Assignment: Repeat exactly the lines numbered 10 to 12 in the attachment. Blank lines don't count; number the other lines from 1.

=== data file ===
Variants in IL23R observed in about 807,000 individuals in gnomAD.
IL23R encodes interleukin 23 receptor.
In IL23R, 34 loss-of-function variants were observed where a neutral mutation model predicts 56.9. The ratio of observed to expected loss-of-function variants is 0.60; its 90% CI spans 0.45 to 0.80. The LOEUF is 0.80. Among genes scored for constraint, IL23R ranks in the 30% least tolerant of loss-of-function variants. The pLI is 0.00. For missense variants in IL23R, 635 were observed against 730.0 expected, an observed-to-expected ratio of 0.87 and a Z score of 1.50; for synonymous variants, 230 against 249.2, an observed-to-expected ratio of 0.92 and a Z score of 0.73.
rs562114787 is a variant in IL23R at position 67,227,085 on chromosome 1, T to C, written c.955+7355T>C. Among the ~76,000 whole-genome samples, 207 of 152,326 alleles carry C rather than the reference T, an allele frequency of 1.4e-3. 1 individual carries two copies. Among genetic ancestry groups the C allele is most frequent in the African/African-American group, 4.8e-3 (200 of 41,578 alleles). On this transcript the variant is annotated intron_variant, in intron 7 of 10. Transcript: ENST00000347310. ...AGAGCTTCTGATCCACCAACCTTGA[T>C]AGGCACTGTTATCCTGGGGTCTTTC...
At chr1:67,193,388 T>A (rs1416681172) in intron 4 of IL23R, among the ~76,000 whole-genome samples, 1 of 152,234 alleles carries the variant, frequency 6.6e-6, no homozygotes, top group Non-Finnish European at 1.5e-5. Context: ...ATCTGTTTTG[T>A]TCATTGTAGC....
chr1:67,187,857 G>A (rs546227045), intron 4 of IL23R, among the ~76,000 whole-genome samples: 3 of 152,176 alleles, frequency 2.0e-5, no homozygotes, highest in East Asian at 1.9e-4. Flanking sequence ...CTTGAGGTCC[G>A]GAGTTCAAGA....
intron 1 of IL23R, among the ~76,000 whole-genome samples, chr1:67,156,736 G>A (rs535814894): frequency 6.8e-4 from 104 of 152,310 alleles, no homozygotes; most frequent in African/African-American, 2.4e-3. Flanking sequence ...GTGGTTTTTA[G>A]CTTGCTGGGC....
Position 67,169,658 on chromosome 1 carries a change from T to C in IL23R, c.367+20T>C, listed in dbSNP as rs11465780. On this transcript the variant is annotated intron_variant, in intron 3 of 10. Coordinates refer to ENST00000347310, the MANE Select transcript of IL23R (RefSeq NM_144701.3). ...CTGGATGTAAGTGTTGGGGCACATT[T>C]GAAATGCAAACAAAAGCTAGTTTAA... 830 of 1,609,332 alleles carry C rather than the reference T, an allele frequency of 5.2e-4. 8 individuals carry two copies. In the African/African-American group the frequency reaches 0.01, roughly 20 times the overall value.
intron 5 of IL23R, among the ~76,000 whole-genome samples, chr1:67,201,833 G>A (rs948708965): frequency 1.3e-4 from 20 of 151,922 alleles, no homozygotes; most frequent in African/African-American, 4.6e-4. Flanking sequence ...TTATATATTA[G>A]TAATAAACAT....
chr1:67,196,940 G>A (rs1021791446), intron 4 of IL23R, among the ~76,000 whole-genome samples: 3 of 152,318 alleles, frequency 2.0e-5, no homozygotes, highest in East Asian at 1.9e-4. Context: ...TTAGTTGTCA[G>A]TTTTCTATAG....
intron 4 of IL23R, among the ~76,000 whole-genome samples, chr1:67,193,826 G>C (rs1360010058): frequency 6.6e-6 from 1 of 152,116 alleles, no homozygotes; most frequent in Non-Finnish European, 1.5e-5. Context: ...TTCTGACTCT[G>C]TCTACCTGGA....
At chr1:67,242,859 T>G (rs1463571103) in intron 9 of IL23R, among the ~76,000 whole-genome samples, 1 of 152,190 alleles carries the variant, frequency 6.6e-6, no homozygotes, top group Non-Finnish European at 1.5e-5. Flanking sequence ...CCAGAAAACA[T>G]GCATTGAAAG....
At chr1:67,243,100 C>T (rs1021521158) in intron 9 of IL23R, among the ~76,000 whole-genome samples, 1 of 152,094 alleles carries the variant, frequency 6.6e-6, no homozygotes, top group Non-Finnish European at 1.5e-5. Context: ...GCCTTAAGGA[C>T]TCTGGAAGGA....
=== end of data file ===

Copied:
chr1:67,196,940 G>A (rs1021791446), intron 4 of IL23R, among the ~76,000 whole-genome samples: 3 of 152,318 alleles, frequency 2.0e-5, no homozygotes, highest in East Asian at 1.9e-4. Context: ...TTAGTTGTCA[G>A]TTTTCTATAG....
intron 4 of IL23R, among the ~76,000 whole-genome samples, chr1:67,193,826 G>C (rs1360010058): frequency 6.6e-6 from 1 of 152,116 alleles, no homozygotes; most frequent in Non-Finnish European, 1.5e-5. Context: ...TTCTGACTCT[G>C]TCTACCTGGA....
At chr1:67,242,859 T>G (rs1463571103) in intron 9 of IL23R, among the ~76,000 whole-genome samples, 1 of 152,190 alleles carries the variant, frequency 6.6e-6, no homozygotes, top group Non-Finnish European at 1.5e-5. Flanking sequence ...CCAGAAAACA[T>G]GCATTGAAAG....